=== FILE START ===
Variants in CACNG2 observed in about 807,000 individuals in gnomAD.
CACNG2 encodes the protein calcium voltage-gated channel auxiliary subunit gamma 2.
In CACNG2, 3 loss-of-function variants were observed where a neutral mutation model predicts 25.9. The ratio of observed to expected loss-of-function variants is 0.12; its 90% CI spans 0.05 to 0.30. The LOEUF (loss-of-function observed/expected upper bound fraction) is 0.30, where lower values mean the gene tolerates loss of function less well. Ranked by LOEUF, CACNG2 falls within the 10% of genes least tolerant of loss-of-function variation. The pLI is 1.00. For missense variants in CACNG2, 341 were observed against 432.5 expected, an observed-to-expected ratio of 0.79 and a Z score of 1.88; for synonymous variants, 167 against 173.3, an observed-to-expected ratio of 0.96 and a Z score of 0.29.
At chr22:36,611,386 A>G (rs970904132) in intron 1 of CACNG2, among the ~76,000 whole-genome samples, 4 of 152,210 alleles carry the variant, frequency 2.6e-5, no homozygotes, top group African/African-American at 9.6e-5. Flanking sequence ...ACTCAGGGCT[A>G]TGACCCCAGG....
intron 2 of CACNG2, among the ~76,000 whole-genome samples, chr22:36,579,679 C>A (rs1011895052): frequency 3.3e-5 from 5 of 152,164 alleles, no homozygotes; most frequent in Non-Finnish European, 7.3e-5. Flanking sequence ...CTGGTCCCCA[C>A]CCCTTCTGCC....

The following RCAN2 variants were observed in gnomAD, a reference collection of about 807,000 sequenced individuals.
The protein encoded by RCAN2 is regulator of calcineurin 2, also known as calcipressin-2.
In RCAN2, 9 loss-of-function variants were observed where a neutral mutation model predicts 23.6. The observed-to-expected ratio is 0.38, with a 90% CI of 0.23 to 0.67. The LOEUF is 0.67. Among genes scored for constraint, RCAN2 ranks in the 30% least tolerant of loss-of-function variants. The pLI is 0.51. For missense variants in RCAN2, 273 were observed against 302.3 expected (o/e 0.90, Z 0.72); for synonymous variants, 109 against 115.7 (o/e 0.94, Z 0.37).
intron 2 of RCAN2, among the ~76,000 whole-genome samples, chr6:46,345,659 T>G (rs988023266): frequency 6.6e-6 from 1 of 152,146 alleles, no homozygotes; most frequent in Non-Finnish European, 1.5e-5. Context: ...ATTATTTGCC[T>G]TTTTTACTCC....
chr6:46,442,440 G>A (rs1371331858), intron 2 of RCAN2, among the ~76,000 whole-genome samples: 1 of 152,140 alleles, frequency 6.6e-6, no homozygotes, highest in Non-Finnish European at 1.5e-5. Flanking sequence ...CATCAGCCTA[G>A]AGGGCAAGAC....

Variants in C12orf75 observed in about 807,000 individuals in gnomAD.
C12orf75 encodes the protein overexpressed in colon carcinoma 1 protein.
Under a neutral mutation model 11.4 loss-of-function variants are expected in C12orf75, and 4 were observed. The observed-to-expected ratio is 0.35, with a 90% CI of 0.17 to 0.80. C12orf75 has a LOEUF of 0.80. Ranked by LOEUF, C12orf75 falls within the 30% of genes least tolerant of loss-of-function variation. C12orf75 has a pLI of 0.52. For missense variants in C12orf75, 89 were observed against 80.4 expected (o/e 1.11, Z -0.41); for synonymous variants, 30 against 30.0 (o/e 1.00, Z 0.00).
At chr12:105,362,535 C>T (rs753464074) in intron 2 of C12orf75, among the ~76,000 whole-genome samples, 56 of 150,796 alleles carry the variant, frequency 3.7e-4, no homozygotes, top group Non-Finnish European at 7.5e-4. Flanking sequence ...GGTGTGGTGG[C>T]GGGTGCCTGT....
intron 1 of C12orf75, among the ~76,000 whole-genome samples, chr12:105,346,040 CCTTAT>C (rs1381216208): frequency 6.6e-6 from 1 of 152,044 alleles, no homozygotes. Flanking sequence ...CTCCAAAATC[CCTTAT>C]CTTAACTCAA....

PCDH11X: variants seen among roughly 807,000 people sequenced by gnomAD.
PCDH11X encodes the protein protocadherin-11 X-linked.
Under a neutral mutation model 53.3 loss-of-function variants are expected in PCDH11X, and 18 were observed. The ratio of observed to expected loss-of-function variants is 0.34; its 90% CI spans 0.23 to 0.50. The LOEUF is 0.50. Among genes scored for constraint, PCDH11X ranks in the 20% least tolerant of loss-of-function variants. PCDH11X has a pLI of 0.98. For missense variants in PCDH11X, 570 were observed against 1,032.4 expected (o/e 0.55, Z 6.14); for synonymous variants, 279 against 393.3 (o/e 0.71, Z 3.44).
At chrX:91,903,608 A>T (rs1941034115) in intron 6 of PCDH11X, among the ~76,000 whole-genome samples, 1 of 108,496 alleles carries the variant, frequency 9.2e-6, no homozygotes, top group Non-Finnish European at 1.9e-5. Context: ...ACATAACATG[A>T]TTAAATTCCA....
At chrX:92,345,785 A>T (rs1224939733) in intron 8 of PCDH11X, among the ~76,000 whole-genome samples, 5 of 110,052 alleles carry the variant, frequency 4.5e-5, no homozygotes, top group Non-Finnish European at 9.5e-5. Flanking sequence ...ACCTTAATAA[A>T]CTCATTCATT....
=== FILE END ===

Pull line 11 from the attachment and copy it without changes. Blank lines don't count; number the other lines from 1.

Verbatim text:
Variants in C12orf75 observed in about 807,000 individuals in gnomAD.